In the U.S., more than 300,000 children are affected by juvenile arthritis. Juvenile arthritis, or Juvenile Idiopathic Arthritis (JIA) as it is more commonly known, is an autoimmune disease that affects one in every 250 children.
While arthritis is typically associated with older adults, JIA is a disorder in which the immune system targets children’s healthy joint cells and tissues instead of fighting viruses and bacteria. Much like arthritis in adults, it causes pain, swelling, stiffness, and loss of motion in the areas it affects, and the cause of it is unknown. However, unlike other forms of arthritis that are chronic and last a lifetime, most affected by JIA often grow out of it.
Although a juvenile arthritis diagnosis is often only short-term, side effects can affect a child long-term.
The inflammation in the joints and surrounding areas can cause interference with a child’s bone development, overall growth during puberty and may even permanently damage their joints.
In addition, JIA can also inflame tissues around the heart and lungs and lead to poor eyesight due to inflammation around the eyes.
Luckily, plenty of pharmaceutical and non-pharmaceutical treatment options can help lessen the severity of the child’s symptoms and force their arthritis into remission. For most non-medical treatments, living a healthy lifestyle is essential to reducing the effects. Ensuring that children are active improves joint mobility and retains muscle function. In addition, getting adequate rest and eating a regulated diet can vastly decrease swelling and inflammation.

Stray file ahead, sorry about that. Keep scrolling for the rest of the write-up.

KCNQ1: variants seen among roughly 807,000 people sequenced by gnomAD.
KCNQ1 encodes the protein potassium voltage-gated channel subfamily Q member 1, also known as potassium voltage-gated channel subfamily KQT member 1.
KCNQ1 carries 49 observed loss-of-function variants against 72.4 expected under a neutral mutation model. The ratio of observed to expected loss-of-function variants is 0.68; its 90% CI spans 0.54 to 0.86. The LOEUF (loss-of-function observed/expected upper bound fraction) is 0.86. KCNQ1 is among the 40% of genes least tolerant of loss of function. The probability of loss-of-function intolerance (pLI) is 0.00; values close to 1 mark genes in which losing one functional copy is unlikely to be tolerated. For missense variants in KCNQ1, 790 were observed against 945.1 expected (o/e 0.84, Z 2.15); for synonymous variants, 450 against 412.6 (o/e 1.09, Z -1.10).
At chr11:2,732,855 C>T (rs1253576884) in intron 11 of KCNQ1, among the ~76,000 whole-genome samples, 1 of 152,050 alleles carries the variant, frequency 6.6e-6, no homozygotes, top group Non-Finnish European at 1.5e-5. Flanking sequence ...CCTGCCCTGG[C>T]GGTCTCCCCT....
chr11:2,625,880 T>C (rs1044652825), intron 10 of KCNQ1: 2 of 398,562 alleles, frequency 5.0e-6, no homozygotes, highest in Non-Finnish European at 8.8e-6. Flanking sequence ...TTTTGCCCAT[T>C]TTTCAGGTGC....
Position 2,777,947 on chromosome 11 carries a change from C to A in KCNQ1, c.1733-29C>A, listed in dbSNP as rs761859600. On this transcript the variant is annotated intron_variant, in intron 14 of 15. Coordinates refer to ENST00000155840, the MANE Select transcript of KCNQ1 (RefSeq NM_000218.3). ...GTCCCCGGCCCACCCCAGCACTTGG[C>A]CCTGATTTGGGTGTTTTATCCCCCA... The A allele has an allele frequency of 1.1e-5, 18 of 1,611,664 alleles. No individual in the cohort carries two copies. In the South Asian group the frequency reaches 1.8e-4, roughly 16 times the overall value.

For milder cases, non-steroid injections are the first step. For more severe instances of arthritis where the child requires medical intervention, most doctors will prescribe an injection.
While doctors know how to treat juvenile arthritis, very little is known about its root causes. The Arthritis Foundation (AF) is helping the continued research into causes and effective treatments for affected children. Please learn more about the disorder and consider donating at the AF website.